Edit: Sorry, can't delete the post. I thought the question was about the fuses on the positive side...
     


    Last edited: Oct 15, 2016
  7. gettinthere

    gettinthere

    Joined Nov 26, 2008
    1,566 posts, 65 likes
    Endeavour 42
    US Cruisin
    My diagram didn't look like that! How purty.

    On mine, there's no fuse between the primary pos bussbar and the secondary pos bussbar. The items on the secondary pos buss are fused. The run from bar to bar is about 4 feet.

    The primary pos bussbar is 7" from the house bank so no fuse there.
     


  8. rgranger

    rgranger

    Joined Jan 19, 2010
    3,992 posts, 360 likes
    Hunter 26, Hobie 16 26
    US Smith Mountain Lake
    Is the shunt simply a "T" connection allowing current to pass around the negative buss or does it actually perform some other function?
     


  9. dlochner

    dlochner

    Joined Jan 11, 2014
    677 posts, 113 likes
    Sabre 362
    US Oswego, NY
    Some questions and comments.

    The engine is a Yanmar 3JH2E. The starter is grounded to the block by virtue of being bolted on. Does this need an additional ground to the grounding bolt on the engine block?

    Is the stock Hitachi 80 Amp Alternator a case grounded alternator? If so where would the ground attach to the alternator?

    The Blue Seas ACRs have an LED status light. The LED draws current off the positive connection between the batteries but needs a grounded connection to complete the circuit. Blue Sea determined that it was better to put a fuse in the negative wire rather than try to fuse the positive connection to the LED, thus the recommendation for the fuse on the negative lead. Without a fuse if the ACR failed in some way and allowed current to pass through the negative wire the wire would have to be way oversized for the LED's current draw or it needed an appropriate gauged wire with a fuse. Cheaper and easier to throw an inline fuse on the negative wire.

    After studying MS's posts on this forum and his website, my boat was re-wired in a manner very consistent with this schematic. I think I was 2 years early in my project. One thing I did differently was to add a 6 fuse Blue Sea fuse panel where MS has the bilge pump take offs on the positive bus bar. My thinking was that there will be several things I want directly connected to the battery; bilge pumps, CO detectors, propane detectors, and the stereo's memory circuit. The fuse panel provides for these connections.

    Nice Shout Out in the latest Practical Sailor. PS takes the whole author/tester anonymity too far. Every article doesn't need a byline, but it is good to know who's testing what.

    Now there was one more thing I wanted to say when I started, but that damn CRS reared its ugly head again!
     


  10. Davidasailor26

    Davidasailor26

    Joined May 17, 2004
    679 posts, 51 likes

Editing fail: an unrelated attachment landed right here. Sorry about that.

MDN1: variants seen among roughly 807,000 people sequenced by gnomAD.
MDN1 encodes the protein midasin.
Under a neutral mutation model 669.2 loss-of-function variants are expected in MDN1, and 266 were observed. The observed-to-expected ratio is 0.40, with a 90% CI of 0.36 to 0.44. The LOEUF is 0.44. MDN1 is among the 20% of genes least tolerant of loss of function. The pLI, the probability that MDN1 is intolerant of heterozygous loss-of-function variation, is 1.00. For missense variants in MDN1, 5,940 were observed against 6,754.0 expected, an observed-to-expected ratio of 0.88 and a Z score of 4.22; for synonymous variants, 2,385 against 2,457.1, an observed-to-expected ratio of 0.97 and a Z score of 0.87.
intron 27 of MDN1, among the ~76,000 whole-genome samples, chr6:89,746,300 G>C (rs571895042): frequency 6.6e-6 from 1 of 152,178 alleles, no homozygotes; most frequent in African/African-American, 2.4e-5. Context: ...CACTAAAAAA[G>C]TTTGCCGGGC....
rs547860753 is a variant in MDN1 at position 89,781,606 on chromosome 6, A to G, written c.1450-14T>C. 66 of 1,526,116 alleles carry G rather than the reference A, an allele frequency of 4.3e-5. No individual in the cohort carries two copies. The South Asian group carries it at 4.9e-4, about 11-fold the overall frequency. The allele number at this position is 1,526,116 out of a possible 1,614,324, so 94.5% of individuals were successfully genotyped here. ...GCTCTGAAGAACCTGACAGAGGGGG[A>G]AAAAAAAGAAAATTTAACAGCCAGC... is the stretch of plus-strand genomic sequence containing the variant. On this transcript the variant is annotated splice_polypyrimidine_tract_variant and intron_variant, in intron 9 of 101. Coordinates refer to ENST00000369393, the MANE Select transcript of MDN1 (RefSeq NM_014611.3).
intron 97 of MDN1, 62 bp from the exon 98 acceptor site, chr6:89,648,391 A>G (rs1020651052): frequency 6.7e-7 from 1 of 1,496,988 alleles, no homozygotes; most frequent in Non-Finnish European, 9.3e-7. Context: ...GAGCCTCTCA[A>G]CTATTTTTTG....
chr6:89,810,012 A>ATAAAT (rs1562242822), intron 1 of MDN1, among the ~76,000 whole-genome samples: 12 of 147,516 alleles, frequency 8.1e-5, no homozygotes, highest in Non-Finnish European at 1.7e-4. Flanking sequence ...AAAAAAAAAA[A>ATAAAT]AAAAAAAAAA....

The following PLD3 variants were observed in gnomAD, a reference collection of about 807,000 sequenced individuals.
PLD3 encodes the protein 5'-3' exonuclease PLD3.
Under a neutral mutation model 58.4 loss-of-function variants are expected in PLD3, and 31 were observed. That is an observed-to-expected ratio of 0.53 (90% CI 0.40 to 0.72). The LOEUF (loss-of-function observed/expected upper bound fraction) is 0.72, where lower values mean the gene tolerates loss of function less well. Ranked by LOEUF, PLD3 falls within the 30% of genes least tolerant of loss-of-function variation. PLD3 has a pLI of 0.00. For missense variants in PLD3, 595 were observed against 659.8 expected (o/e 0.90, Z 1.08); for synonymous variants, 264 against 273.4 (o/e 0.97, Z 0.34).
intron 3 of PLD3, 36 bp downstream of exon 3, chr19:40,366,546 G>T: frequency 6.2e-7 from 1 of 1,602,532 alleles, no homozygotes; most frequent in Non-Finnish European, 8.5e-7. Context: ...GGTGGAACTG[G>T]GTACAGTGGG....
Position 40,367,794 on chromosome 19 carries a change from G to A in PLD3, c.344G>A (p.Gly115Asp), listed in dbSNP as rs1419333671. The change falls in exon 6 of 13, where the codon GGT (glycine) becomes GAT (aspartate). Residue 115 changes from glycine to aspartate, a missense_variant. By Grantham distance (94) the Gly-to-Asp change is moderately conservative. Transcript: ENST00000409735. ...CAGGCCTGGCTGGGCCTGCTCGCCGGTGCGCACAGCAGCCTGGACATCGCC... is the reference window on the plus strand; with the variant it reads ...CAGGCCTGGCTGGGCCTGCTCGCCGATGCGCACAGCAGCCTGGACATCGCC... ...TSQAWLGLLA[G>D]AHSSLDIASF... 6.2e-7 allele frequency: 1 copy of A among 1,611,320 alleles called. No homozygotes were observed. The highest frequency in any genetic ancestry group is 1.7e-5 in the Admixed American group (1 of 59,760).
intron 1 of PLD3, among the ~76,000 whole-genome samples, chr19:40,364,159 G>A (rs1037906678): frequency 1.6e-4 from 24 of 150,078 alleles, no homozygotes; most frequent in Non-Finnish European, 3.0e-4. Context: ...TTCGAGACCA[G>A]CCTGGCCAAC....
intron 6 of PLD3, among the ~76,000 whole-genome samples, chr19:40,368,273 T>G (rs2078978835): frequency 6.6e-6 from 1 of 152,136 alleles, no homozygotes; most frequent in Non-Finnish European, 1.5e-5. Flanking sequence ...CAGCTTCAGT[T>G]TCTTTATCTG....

Beneteau Oceanis 37 LE
    US Havre de Grace
    The shunt is used to measure the current into/out of the batteries. It's essentially a very low resistance resistor. The amp hour counter measures the voltage across the resistor and then uses the formula V=IR to calculate the current in the circuit.
     


    rgranger likes this.
  11. Maine Sail

    Maine Sail Moderator

    Joined Feb 6, 1998
    10,131 posts, 226 likes
    Canadian Sailcraft 36T
    US Casco Bay, ME
    By forcing the starter motors current to pass through a rusty engine block this can lead to voltage drops at the starter which can then lead to anemic cranking. When I am working on major wiring near an engine I will almost always move the engines main neg connection to the physical starter ear. This creates a direct electrical path to the starter motor and removes dissimilar poor conducting metals, corrosion, paint and rust from the circuit..

    The typical LR-180 is isolated ground and has two isolated negative studs. It is best to bus these together then run the negative either straight to the bank or directly stacked on top of the starter motor neg lug.

    The fuse in the neg lead has nothing to do with the LED, it is for a potential fault condition as Blue Sea explains below.. Also both positive wires require fusing to meet ABYC standards. Fusing is about protecting the wires from the battery in the event of a fault, short etc..

    Blue Sea:
    "Fuses installed between ACR terminals A and B and each battery positive are to prevent a hazard if there is damage to the wires from the batteries to the ACR. Therefore, the fuses should be placed as close as possible to the batteries so that most of the wire is protected.

    Since these fuses connect directly to batteries, choose fuse types that have sufficient AIC for your battery bank. Appropriate fuses for this application include ANL, MRBF(Terminal) and MIDI/AMI.